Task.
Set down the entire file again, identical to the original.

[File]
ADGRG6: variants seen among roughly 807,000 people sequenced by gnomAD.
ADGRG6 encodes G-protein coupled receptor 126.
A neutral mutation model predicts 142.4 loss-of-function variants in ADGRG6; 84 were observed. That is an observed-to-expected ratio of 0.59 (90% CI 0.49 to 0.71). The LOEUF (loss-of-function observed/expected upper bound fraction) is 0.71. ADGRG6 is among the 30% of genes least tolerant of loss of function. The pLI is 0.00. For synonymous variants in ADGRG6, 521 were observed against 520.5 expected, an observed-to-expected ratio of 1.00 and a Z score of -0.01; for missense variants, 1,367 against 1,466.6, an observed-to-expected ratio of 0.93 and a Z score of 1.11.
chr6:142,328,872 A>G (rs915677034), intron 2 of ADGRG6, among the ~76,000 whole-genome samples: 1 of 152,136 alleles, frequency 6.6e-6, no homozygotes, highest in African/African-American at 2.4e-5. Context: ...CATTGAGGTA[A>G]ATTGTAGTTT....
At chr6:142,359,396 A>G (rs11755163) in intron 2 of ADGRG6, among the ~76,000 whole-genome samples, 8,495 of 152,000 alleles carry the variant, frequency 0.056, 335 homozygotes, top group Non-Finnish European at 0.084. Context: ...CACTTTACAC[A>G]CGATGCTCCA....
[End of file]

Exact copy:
ADGRG6: variants seen among roughly 807,000 people sequenced by gnomAD.
ADGRG6 encodes G-protein coupled receptor 126.
A neutral mutation model predicts 142.4 loss-of-function variants in ADGRG6; 84 were observed. That is an observed-to-expected ratio of 0.59 (90% CI 0.49 to 0.71). The LOEUF (loss-of-function observed/expected upper bound fraction) is 0.71. ADGRG6 is among the 30% of genes least tolerant of loss of function. The pLI is 0.00. For synonymous variants in ADGRG6, 521 were observed against 520.5 expected, an observed-to-expected ratio of 1.00 and a Z score of -0.01; for missense variants, 1,367 against 1,466.6, an observed-to-expected ratio of 0.93 and a Z score of 1.11.
chr6:142,328,872 A>G (rs915677034), intron 2 of ADGRG6, among the ~76,000 whole-genome samples: 1 of 152,136 alleles, frequency 6.6e-6, no homozygotes, highest in African/African-American at 2.4e-5. Context: ...CATTGAGGTA[A>G]ATTGTAGTTT....
At chr6:142,359,396 A>G (rs11755163) in intron 2 of ADGRG6, among the ~76,000 whole-genome samples, 8,495 of 152,000 alleles carry the variant, frequency 0.056, 335 homozygotes, top group Non-Finnish European at 0.084. Context: ...CACTTTACAC[A>G]CGATGCTCCA....